Fiona has been a courageous artist throughout her career. In the 1980s she used parts of Annihilation of the Blacks in an installation on the steps of the Art Gallery of New South Wales, to protest against a major exhibition that did not include any works by Indigenous Australian artists. In the 1990s she posed topless for photographs called Badtjala Woman and Native Blood. Her HHH works invoke varied reactions: some humorous, some unhappy. A body of work she showed in 2008 involved asking men she met online in Dublin, Ireland to pose for photographs.
The focus of Fiona’s art practice is research, scholarship and the communication and recording of little-known histories of the interaction between Indigenous and non-Indigenous Australians. She spends much of her time engaged in research through her role as Adjunct Professor at The University of Queensland. The intellectual clout she acquires through this process manifests itself in different ways of creating art: works on a smaller scale, which are often acquired by private collectors, large suites of photographs, complex and spectacular installations, and public works that are usually placed outdoors, and will persist far beyond our lifetimes.
Being part of the public art process is rewarding but tough. In order to ‘win’ a job, Fiona must wrap her serious and controversial concepts within terms of more charming outer layers. She has achieved this many times, and has had the courage to continue with the integrity of her work, ensuring the ideas and information to be communicated in the best possible way. This is a trait of her work that is evident throughout her oeuvre—the ability to communicate concepts to viewers, while attracting them by something beautiful. Despite many boardroom tables full of developers, architects and other professionals, Fiona has many times been able to quietly negotiate creation of public works that are a joy to see, while holding within them incredible, significant information.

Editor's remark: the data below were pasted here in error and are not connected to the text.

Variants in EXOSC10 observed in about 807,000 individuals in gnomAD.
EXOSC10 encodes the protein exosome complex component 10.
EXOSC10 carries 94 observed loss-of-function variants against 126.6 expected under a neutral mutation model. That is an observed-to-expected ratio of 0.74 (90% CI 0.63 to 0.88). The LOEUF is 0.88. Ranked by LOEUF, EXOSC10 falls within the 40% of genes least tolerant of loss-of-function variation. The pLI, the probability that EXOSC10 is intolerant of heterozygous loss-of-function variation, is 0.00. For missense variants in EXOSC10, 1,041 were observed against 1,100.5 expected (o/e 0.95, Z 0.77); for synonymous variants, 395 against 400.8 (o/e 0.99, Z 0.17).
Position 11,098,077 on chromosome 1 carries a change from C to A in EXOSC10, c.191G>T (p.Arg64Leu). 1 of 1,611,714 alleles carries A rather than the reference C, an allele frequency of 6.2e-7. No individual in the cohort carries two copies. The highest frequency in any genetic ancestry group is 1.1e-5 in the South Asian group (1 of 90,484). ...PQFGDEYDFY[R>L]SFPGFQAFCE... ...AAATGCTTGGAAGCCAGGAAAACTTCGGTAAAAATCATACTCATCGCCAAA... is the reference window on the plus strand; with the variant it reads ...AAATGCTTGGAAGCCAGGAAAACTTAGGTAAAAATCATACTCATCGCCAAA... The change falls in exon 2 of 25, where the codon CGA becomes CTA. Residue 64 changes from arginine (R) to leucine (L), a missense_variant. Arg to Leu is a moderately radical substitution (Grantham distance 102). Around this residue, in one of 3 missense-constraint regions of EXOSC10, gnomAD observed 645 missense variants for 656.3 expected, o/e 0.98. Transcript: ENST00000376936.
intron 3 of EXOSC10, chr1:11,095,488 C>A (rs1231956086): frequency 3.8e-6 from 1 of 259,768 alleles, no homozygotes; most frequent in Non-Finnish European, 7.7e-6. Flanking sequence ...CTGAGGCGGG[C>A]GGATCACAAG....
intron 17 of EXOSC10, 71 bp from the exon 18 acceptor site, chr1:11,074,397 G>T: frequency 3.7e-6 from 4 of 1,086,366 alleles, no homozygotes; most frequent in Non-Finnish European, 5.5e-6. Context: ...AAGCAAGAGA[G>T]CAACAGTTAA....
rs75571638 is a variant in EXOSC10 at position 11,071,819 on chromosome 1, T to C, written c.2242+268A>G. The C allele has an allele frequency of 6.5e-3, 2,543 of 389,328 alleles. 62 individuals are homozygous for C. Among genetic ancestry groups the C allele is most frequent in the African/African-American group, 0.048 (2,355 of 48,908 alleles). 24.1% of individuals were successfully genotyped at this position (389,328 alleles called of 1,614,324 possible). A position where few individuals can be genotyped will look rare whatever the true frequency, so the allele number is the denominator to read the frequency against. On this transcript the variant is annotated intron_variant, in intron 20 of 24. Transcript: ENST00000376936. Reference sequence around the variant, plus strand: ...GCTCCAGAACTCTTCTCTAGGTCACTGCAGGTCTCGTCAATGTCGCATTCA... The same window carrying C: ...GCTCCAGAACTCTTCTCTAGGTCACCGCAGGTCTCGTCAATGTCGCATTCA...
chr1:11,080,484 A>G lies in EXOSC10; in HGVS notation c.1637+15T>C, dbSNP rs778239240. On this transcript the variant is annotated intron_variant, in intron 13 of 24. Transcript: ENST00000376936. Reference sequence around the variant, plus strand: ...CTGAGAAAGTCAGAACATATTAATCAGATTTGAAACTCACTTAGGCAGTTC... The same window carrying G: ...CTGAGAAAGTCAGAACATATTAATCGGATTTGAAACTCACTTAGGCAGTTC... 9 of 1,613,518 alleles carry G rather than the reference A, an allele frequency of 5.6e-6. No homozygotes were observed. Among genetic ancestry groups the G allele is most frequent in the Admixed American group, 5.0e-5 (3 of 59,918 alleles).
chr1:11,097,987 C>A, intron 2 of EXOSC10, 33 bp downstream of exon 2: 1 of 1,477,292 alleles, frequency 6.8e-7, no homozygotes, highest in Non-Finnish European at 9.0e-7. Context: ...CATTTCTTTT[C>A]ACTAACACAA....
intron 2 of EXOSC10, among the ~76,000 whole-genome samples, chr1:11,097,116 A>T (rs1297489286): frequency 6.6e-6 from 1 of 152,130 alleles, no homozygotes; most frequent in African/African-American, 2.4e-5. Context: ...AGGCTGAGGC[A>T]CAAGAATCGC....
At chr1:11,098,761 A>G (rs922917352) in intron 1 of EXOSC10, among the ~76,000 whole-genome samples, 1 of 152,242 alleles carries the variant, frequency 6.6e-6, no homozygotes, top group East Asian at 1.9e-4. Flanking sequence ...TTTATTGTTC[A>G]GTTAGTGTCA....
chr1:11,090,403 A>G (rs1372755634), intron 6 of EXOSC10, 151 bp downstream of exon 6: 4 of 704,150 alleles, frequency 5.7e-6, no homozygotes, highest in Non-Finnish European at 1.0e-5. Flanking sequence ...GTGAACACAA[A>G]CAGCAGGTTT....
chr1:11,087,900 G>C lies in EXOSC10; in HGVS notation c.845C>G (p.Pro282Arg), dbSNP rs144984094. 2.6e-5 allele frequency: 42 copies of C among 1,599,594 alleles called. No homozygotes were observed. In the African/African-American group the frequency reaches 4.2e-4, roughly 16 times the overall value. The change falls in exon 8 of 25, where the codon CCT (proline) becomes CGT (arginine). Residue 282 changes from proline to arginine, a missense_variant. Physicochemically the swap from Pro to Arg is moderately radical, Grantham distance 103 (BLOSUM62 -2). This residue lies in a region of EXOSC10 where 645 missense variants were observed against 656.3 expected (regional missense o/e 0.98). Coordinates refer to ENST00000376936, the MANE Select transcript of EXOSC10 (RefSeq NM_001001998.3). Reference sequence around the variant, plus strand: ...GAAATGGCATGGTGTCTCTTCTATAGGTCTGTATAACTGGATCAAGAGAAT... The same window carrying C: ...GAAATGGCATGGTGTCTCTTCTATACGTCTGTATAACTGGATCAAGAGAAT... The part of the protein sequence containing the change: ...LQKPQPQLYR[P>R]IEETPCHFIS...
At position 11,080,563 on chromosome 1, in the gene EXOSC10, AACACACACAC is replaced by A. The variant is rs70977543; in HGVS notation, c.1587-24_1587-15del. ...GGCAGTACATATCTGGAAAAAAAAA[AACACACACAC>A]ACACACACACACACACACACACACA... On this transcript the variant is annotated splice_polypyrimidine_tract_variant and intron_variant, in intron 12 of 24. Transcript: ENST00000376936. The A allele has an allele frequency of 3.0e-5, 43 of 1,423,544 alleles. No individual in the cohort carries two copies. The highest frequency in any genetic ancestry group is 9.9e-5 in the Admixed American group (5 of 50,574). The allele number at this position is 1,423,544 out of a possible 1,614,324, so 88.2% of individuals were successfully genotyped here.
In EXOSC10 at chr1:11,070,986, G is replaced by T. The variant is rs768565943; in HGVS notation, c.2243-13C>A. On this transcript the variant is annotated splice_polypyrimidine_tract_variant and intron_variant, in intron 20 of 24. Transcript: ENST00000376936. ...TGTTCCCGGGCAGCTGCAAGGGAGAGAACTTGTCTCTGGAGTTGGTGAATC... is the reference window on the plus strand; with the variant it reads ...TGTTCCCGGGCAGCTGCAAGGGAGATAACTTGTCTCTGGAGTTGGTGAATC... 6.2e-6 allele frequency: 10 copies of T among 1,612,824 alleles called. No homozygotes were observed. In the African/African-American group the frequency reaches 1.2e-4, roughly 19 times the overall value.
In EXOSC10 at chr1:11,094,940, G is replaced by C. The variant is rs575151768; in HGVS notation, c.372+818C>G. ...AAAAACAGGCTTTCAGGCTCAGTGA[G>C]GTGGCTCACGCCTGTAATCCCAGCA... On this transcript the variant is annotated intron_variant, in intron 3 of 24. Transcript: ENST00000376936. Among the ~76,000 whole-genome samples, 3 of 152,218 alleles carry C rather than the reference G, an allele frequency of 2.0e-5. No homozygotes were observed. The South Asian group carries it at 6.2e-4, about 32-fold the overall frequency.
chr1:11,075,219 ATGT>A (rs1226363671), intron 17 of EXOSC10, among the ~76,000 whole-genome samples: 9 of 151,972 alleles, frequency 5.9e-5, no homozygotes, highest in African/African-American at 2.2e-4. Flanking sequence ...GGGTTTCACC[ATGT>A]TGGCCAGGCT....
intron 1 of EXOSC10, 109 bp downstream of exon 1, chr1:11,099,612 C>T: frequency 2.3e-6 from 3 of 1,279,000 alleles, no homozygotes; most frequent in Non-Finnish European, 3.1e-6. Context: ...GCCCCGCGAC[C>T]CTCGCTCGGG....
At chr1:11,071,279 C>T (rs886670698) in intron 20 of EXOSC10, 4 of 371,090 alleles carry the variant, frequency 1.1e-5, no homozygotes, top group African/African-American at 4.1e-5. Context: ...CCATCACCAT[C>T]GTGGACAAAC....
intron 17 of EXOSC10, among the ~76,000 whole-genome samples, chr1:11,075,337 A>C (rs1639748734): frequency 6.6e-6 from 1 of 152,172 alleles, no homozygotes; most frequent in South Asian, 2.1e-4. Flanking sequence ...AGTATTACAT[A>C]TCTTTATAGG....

Often asked to speak at seminars, public forums and panel discussions, Fiona is always extremely well-researched, articulate and thoughtful in her public communications. She doesn’t shy away from being critical, and is happy to make her feelings known, in a way that is intelligent and polite. Fiona is a very powerful and considerate correspondent with other artists, curators, benefactors, directors of institutions and politicians. To the current issue of Art Monthly Australia, she contributed an article that discusses the work of a fellow artist, and doesn’t pull any punches in her reasonable criticism of him.
Fiona has faced considerable challenges and roadblocks in her life—far more serious and difficult than any I’ve come across. Despite this, Fiona remains a warm, wonderful and humorous person to spend time with. She has fought through trials with her strong nerve, firm resolve and clarity of purpose. Fiona has been trodden on from great heights, but manages to soar above as a shining light in contemporary Australian society. In the long-term she has conquered, and for that she is one of my personal heroines.
© Christopher Hassall 2011
Born and raised in Brisbane, Christopher Hassall first wanted to be Mary Poppins, then a film director, then a successful international business executive. Despite those fanciful career dreams, he is very happy as Gallery Manager at Andrew Baker Art Dealer in Brisbane. Chris studied Arts then Museum Studies at The University of Queensland, and is so pleased to be free of assignment deadlines now, as he has more time to enjoy the visual and performing arts, watching television and films, reading, following politics, delighting in food and wine, and playing the odd game of golf or tennis.
Andrew Baker Art Dealer
26 Brookes Street
Bowen Hills Qld 4006
07 3252 2292